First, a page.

Natasha Penney
Feb 05, 2017 rated it it was amazing
This book was fantastic! The story moves quickly and the main character is one of the most interesting women I have encountered in quite some time. The premise and plot development are imaginative and fresh. You are immediately pulled into the story from the opening line. There are enough ethical questions looming under character and plot-driven momentum to ensure this book can't be easily dismissed once you're done. It has a great Canadian feel as well. Though as a Newfoundlander I find it diff ...more
Michael Underwood
Jul 02, 2014 rated it it was amazing
What happens when an award-nominated writer of gripping, fresh SF turns her hand to a stand-alone SF Thriller? In this case, the result is a compelling, pacey, and thoughtful novel.

The main character is distinct (a disabled Korean woman who is a total badass), the setting is fascinating (an off-shore company town oil rig), and the premise powerful (our heroine, an escort's escort, is tapped to protect the city-rig's heir apparent against a threat that seems to come from another timeline).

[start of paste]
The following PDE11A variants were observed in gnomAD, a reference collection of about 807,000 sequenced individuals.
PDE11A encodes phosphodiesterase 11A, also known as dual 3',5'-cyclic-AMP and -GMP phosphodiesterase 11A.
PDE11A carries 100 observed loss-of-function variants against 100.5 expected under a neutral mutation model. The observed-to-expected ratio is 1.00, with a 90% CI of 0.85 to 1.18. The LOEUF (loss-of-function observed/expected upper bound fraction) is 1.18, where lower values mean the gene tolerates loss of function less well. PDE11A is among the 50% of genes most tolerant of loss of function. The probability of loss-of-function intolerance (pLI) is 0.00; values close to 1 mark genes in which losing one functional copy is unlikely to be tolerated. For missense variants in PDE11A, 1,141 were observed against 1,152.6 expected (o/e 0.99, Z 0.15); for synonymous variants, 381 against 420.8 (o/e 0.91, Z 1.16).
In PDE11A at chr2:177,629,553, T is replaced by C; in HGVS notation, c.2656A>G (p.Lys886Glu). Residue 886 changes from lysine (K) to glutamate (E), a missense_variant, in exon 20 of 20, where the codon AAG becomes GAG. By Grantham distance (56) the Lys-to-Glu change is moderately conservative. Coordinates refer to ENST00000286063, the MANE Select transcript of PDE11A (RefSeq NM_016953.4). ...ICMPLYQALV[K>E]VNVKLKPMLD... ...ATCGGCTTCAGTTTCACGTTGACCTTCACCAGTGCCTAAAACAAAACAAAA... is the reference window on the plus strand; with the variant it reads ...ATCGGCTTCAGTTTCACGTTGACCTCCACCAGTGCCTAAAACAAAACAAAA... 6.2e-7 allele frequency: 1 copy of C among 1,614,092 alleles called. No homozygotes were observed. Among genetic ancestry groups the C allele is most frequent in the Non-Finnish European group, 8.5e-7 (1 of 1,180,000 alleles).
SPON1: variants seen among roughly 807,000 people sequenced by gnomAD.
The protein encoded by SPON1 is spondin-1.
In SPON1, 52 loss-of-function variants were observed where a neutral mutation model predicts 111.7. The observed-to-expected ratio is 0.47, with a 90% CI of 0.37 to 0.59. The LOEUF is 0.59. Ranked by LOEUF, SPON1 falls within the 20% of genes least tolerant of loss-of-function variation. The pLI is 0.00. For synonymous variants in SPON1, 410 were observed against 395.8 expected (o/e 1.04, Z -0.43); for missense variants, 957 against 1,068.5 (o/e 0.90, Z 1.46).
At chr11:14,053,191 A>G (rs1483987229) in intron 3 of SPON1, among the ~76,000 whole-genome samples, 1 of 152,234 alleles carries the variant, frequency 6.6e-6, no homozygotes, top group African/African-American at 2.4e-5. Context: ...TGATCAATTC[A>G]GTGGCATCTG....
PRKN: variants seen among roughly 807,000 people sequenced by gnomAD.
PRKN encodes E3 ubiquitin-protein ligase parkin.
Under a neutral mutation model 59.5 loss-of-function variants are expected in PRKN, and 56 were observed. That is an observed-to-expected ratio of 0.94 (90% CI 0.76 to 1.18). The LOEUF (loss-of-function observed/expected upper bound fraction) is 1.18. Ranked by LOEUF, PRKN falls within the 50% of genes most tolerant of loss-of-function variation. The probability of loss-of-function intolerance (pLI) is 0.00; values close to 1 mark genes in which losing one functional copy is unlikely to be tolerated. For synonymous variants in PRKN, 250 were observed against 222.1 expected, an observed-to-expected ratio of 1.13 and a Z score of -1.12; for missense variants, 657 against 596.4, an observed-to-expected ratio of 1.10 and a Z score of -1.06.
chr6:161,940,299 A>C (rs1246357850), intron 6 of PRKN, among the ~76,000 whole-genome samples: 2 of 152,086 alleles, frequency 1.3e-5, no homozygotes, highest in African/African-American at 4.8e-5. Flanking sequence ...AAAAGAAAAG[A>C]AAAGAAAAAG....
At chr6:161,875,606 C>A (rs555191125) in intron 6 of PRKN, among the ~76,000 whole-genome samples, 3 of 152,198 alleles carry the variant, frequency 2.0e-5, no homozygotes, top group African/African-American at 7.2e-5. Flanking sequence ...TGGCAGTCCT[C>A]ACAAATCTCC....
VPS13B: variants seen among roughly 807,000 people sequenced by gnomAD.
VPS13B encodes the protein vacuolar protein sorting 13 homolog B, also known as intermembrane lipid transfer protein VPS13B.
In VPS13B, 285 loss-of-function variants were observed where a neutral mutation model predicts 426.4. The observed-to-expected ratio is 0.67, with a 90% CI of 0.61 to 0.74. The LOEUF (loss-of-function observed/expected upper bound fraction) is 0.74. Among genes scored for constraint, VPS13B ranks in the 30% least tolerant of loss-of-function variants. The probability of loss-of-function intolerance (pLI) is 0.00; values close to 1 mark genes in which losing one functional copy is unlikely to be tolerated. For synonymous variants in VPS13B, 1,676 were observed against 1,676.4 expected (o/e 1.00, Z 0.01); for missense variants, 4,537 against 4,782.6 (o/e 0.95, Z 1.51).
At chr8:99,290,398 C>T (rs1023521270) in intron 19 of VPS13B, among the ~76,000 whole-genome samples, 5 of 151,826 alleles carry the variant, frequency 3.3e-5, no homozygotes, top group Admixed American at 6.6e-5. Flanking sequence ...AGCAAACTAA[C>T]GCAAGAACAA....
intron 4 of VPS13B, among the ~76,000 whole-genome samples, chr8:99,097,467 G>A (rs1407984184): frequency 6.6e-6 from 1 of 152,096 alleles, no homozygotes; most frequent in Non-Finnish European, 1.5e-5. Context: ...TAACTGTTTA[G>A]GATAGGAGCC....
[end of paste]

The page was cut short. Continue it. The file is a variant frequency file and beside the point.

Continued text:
Nov 13, 2014 rated it it was amazing
Shelves: 2016
I waited so long for this book. I was so nervous to read it. But I finally took the plunge.

I read it in 12 hours.

I loved it. I loved it.

More thoughts:
Jan 18, 2019 rated it it was amazing
Shelves: 2019
I don’t remember why I was so adamant about finding this book. It was never in my local or interlibrary loan system. I finally used an audible credit. Sooo glad I did. The narrator was perfect. The plot, even with AI and people living in arcologies in the middle of the Atlantic, felt current and authentic. The main character, with her very flawed mother and her physical and medical issues, felt very real in her feelings and reactions. Well done!
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She-Geeks: August 2016 Read 1 (Warrior Women): Company Town 3 26 Aug 27, 2016 02:15PM  

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Madeline Ashby is a science fiction writer and strategic foresight consultant living in Toronto. She has been writing fiction since she was about thirteen years old. (Before that, she recited all her stories aloud, with funny voices and everything.) Her fiction has appeared in Nature, Tesseracts, Escape Pod, FLURB, the Shine Anthology, and elsewhere. Her non-fiction has appeared at, ...more